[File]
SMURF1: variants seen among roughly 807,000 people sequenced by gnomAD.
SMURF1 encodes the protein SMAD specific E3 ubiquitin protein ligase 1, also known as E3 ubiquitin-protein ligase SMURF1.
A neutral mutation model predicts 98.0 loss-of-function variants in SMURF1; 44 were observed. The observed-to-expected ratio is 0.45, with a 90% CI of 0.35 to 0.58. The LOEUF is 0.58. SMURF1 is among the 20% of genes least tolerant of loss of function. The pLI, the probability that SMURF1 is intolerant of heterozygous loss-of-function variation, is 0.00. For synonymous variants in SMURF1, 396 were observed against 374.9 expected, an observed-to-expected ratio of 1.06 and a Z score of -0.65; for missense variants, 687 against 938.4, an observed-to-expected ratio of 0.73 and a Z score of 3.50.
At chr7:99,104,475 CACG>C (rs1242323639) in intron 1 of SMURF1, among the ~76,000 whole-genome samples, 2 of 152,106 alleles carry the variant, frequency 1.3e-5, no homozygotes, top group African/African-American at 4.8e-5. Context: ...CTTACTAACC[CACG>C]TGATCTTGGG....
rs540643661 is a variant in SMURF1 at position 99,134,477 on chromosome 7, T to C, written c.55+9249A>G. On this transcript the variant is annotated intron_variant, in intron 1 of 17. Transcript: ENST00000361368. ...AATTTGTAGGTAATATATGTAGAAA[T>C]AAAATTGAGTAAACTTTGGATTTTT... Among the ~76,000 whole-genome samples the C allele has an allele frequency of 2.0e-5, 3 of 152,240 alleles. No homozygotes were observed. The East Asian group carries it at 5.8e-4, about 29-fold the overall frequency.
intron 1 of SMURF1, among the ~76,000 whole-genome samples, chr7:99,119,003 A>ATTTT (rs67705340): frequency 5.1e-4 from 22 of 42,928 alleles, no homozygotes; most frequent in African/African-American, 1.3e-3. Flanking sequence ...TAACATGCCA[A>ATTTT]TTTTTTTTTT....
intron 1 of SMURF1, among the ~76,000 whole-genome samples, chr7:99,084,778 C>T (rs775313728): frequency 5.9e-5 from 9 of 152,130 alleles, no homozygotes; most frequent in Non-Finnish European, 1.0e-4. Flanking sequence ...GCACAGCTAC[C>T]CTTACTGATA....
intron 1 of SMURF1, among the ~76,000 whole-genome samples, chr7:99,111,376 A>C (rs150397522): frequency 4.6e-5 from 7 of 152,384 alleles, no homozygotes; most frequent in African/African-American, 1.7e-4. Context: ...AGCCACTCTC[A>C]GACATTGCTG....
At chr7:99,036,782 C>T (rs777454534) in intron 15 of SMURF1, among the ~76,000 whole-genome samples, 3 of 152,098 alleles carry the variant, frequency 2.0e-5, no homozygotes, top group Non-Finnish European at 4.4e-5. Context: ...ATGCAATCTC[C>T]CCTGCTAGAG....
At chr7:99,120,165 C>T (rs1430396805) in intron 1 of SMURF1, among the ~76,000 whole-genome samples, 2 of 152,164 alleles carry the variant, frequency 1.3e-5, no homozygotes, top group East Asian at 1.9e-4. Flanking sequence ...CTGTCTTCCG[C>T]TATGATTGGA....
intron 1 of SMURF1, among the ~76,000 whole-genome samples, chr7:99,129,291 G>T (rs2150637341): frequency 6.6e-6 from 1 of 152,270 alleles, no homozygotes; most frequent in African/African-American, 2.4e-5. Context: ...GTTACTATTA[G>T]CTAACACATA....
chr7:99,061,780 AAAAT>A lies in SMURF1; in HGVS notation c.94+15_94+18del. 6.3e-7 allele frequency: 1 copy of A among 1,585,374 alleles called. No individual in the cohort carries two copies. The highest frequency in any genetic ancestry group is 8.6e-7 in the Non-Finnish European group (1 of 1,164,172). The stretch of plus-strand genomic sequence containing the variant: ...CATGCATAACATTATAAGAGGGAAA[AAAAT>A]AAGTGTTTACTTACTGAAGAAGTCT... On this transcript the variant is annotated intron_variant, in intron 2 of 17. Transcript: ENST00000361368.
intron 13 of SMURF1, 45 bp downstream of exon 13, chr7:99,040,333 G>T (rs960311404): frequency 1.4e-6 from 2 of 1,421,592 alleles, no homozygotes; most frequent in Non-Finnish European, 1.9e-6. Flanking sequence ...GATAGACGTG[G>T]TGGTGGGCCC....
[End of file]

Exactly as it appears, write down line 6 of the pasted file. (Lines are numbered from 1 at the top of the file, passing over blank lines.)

intron 1 of SMURF1, among the ~76,000 whole-genome samples, chr7:99,119,003 A>ATTTT (rs67705340): frequency 5.1e-4 from 22 of 42,928 alleles, no homozygotes; most frequent in African/African-American, 1.3e-3. Flanking sequence ...TAACATGCCA[A>ATTTT]TTTTTTTTTT....